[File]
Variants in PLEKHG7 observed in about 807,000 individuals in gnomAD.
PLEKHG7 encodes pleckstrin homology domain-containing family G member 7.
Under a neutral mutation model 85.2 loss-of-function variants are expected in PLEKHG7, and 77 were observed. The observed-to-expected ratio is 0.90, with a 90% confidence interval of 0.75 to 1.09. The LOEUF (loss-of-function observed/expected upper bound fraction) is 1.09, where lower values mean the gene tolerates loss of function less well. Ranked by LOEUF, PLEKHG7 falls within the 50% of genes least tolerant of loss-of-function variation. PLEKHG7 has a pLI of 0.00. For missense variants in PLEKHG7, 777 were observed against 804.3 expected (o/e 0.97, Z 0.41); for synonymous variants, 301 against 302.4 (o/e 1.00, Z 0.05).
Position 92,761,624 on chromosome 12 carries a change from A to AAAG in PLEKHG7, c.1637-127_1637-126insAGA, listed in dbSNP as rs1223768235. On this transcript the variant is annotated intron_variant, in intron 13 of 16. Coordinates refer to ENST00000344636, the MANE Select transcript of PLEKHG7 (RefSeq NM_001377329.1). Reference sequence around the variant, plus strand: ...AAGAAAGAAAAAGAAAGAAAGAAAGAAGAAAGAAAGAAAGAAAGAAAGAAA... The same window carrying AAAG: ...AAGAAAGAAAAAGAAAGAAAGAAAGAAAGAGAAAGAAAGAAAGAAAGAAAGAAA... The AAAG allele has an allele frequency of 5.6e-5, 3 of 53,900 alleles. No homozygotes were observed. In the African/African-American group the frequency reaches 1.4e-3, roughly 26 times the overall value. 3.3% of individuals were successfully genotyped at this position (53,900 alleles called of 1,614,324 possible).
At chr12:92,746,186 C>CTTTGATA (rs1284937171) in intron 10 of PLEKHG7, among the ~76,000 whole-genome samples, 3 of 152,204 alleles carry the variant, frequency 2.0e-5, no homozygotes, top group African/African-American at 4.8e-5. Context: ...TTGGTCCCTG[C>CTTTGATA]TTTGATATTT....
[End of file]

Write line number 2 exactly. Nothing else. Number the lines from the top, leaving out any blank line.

PLEKHG7 encodes pleckstrin homology domain-containing family G member 7.